How unicellular organisms absorb and how to digest food.

Eating is carried out by pinocytosis and phagocytosis. Pinocytosis or “cell drinking” is the absorption of fluid; phagocytosis, or “cell swallowing,” is the capture of solid shaped particles.
With phagocytosis, the cell membrane forms an indentation inside, which then, when laced up, create vesicles (phagocytosis vacuoles) with food enclosed inside. After this, the phagocytotic vacuole merges with the primary lysosome, filled with digestive enzymes with an acid reaction. This forms a secondary lysosome, or digestive vacuole, which carries out the digestion of food particles.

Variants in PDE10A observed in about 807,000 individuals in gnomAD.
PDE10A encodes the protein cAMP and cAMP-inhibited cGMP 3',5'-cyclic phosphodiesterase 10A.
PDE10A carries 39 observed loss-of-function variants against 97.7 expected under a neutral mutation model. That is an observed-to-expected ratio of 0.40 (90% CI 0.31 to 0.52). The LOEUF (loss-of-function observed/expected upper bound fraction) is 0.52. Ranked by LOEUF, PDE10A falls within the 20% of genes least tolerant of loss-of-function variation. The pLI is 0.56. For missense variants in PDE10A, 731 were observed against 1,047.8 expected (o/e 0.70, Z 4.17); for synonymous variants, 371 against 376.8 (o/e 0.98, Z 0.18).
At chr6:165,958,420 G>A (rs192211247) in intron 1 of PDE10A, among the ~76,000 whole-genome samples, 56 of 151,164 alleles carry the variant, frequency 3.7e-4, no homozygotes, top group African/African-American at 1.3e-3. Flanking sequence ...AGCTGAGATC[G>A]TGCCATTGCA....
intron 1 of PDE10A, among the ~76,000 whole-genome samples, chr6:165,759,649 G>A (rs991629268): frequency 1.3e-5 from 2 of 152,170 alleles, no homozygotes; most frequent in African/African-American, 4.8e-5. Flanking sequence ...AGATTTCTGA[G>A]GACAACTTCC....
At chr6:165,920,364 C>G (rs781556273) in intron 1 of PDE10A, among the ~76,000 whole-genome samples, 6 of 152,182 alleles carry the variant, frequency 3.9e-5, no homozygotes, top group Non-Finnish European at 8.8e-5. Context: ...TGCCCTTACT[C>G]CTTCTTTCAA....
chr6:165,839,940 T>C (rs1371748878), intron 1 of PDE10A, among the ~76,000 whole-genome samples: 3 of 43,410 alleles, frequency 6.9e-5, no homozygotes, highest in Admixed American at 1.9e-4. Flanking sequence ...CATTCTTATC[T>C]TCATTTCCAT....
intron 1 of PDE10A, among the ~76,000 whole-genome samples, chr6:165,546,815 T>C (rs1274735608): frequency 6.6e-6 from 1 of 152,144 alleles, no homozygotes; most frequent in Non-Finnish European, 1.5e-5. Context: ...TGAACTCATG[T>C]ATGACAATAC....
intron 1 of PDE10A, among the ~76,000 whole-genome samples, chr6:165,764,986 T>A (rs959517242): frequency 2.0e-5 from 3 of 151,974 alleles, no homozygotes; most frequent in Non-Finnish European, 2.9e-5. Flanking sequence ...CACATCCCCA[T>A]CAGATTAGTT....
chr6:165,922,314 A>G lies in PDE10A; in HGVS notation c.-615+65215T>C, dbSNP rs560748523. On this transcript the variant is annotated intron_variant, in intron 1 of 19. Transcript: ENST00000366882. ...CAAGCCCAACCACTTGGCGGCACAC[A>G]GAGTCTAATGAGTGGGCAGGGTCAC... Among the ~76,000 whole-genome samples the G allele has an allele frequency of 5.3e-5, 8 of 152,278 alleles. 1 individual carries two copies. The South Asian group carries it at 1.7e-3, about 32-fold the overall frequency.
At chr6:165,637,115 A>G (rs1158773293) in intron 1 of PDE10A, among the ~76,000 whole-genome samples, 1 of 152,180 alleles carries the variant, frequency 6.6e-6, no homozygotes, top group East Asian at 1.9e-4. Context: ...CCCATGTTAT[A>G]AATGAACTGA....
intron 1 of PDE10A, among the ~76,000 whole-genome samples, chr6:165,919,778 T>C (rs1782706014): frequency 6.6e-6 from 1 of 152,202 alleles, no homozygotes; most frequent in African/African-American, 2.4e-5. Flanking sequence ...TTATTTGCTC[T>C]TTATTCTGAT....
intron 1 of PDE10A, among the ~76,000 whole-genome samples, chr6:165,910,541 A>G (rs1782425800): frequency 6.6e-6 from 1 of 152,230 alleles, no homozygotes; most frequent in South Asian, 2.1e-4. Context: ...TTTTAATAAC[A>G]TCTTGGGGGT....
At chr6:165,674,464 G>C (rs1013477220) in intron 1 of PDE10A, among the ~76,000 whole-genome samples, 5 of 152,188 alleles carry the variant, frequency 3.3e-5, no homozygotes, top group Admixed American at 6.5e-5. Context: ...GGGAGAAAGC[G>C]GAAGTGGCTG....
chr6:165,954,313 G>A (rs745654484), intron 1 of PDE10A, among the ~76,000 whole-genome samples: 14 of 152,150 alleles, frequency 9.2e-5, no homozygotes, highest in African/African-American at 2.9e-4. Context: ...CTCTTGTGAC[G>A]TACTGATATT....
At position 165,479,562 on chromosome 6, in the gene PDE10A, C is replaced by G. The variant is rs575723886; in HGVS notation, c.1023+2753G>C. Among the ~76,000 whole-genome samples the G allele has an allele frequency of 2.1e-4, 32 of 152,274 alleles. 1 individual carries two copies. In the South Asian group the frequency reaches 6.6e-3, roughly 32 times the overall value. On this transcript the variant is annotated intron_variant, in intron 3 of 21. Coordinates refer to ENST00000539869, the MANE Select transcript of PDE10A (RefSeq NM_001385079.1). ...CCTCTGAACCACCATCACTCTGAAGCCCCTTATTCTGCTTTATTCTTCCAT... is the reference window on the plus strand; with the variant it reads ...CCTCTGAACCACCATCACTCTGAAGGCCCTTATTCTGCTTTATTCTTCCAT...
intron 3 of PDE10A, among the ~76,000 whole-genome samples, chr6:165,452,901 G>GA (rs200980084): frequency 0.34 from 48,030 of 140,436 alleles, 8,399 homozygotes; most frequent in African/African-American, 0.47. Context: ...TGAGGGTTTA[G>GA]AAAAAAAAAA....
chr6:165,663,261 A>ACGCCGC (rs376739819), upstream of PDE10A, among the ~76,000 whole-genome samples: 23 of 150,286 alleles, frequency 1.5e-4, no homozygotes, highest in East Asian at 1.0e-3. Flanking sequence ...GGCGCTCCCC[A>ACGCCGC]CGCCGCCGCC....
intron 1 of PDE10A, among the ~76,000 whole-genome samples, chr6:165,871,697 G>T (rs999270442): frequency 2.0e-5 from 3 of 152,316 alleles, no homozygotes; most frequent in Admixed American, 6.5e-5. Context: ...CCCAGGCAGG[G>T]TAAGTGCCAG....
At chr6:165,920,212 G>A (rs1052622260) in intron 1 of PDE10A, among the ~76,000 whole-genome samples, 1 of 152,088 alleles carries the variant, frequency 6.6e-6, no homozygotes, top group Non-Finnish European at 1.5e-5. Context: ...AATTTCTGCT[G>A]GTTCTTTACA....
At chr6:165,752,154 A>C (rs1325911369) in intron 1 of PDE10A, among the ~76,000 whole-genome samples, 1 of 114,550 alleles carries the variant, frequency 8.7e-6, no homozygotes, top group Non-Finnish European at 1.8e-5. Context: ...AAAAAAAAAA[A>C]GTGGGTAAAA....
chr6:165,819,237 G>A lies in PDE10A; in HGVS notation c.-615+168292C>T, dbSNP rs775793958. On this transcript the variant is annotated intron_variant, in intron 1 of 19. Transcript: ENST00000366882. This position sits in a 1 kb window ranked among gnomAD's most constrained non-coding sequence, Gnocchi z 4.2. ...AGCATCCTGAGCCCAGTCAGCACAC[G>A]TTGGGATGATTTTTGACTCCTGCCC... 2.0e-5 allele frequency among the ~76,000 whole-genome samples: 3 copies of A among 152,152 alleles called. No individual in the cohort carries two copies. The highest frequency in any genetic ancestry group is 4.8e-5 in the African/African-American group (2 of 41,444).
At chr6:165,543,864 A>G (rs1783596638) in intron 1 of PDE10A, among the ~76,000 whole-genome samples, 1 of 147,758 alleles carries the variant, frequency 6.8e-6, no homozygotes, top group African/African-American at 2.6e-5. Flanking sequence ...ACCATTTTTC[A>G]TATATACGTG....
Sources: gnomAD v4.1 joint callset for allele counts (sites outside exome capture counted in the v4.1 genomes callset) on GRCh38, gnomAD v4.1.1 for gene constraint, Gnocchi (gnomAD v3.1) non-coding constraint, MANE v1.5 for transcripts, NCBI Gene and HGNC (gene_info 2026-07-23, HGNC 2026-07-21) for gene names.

With the help of special methods of staining cells, one can observe how gradually, in the process of splitting food particles, the acidic content of digestive vacuoles changes to neutral. Nutrients are absorbed by the cell. After the end of the process, an undigested portion of the food remains in the membrane vesicle. The residual body is embedded in the outer cell membrane and pushes its contents out (a process similar to phagocytosis, but occurring in the opposite direction).

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